News: 2 August 2023
Mātauranga Māori and tikanga Māori expert Shane Te Ruki (Ngāti Maniapoto, Waikato, Ngāti Porou) has been appointed to the Arts Council of New Zealand Toi Aotearoa (Creative New Zealand) for a three-year-term.
Shane’s early career began as a carver specialising in bone, stone, shell and fibre jewellery and creating artworks with hue. He was an early Toi Iho Māori Made Mark artist. In 1998 he established Te Whare Kōrero o Unu, the hapū based wānanga of Ngāti Unu and Ngāti Kahu. Te Whare Kōrero o Unu continues today to recover, renew and revive mātauranga tūpuna and reconnect it, in its many artforms, to the members of the hapū. Whaikōrero, karanga, karakia, whakapapa have been the mainstay of Shane’s cultural revival efforts.
Shane has previously worked for Te Wānanga o Raukawa as a Kaihautū for Te Whare Kōkiri; an academic faculty specialising in mātauranga Māori. He has also worked with Te Papa Tongarewa and Tainui Waka Alliance as a Maniapoto subject expert and then took on the role of the Kaiwhakahaere Iwi Exhibition Manager. His time with Te Papa Tongarewa led to travelling internationally as the cultural knowledge expert to ritually open or close Te Papa’s exhibitions, give public lectures, and act in an ambassadorial role.
Image of mātauranga Māori and tikanga Māori expert Shane Te Ruki (Ngāti Maniapoto, Waikato, Ngāti Porou).
His governance experience includes having been a member of the New Zealand Geographic Board Ngā Pou Taunaha o Aotearoa, the New Zealand Conservation Authority Te Pou Atawhai Taiao o Aotearoa, the Nehenehenui Regional Management Committee of the Maniapoto Māori Trust Board, and the Te Arawai Steering Establishment Committee. He is currently Chair of Te Kōpua Marae Trust.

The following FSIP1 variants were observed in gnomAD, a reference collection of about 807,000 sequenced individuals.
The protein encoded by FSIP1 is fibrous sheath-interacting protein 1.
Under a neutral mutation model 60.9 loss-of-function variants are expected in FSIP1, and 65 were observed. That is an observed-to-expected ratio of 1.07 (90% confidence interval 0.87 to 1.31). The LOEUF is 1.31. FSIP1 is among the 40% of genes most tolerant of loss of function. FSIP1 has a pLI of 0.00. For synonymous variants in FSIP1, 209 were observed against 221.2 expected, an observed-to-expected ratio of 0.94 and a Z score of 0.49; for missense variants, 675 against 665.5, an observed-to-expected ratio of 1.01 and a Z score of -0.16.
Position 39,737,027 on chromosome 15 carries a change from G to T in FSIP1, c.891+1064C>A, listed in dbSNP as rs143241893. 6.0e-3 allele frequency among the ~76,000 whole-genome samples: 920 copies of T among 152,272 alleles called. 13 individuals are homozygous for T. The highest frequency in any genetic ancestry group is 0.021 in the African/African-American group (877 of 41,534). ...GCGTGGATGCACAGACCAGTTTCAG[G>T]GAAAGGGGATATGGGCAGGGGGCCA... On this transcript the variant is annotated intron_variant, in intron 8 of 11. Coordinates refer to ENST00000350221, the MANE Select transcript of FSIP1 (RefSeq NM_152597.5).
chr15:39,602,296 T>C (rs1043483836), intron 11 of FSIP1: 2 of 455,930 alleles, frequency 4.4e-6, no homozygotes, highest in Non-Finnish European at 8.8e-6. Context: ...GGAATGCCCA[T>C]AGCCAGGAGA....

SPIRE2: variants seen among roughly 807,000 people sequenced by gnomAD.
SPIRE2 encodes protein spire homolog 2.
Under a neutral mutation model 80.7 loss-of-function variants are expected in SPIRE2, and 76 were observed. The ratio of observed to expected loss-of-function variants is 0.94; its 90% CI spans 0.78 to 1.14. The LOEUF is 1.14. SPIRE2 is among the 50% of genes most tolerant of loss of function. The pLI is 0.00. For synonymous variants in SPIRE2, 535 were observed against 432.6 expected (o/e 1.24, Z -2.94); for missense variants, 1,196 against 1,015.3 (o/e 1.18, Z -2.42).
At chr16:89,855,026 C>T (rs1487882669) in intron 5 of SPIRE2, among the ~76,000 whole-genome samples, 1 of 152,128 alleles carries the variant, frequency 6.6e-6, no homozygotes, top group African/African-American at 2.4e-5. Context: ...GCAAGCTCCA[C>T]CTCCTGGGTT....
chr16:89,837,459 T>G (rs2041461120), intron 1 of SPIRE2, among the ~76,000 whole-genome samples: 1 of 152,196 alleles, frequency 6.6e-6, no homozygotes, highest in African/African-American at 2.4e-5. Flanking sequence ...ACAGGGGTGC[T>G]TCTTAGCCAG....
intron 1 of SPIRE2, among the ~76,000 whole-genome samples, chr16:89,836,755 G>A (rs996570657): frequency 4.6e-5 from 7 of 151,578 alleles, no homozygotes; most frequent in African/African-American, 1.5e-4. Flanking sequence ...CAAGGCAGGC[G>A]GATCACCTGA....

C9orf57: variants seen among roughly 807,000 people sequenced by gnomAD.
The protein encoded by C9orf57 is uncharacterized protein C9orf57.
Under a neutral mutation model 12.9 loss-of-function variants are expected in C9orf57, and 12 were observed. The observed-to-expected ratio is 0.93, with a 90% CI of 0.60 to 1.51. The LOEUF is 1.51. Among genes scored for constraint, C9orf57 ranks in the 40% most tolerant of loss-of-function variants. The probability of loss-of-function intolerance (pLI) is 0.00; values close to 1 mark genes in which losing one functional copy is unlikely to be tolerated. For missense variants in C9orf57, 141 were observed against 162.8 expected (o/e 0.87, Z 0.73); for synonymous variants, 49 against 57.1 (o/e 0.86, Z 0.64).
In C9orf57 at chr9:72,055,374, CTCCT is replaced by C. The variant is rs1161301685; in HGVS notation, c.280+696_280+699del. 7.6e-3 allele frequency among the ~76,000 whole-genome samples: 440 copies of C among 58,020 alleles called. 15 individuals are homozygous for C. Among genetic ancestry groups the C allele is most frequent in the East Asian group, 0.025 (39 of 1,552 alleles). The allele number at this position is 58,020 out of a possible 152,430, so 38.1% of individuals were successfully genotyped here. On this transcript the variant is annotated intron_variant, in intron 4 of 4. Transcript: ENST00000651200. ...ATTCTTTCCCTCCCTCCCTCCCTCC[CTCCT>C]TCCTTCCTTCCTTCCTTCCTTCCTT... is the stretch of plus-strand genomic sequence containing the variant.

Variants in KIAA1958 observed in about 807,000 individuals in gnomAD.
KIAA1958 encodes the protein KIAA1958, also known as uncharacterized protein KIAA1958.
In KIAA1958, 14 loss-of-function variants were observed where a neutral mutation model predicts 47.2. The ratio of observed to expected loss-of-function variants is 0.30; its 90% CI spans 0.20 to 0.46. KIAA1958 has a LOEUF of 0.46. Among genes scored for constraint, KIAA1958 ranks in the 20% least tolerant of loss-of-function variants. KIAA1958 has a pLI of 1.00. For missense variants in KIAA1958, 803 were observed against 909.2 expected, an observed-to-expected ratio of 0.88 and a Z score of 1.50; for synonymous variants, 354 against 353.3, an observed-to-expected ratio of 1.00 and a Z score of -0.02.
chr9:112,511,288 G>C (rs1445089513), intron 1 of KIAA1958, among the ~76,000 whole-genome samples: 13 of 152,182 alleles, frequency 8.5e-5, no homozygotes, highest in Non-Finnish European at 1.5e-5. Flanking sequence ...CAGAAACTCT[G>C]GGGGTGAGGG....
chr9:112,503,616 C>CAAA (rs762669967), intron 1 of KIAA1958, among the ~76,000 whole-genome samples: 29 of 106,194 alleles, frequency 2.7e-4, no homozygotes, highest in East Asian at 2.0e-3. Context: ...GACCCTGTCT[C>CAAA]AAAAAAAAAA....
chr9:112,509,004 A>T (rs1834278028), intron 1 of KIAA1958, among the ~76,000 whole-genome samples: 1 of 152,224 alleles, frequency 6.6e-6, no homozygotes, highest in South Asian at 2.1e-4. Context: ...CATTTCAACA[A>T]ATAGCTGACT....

Shane is the Iwi Relations Advisor to the Waipa District Council. His knowledge of whakapapa and the importance of whanaungatanga are at the forefront of his role that connects multiple representative mana whenua and the Council while enabling the strengthening and growth of relationships.
“I have no doubt that Shane Te Ruki’s deep knowledge of Mātauranga Māori and tikanga Māori combined with this broad governance expertise will be a major asset to the Arts Council of New Zealand Toi Aotearoa and we are fortunate to have him on board,” said Pou Mataaho o Te Aka Deputy Chief Executive, Policy and Sector Performance, Emily Fabling.
Leaving the Arts Council is Garth Gallaway who served in the role for six years.
His legal skills and passion for the arts has been hugely valuable to Creative New Zealand and the work of the Arts Council where he has made a considerable impact to the Audit and Risk Committee. “Garth Galloway has made a powerful, solutions-focused, contribution to the work of the Arts Council,” said Emily Fabling. “His legal expertise, extensive knowledge of the arts and culture sector, and his energy and ideas have been remarkable and far-reaching and his advocacy and support for arts and culture generally has been appreciated.”
Updated on 2nd August 2023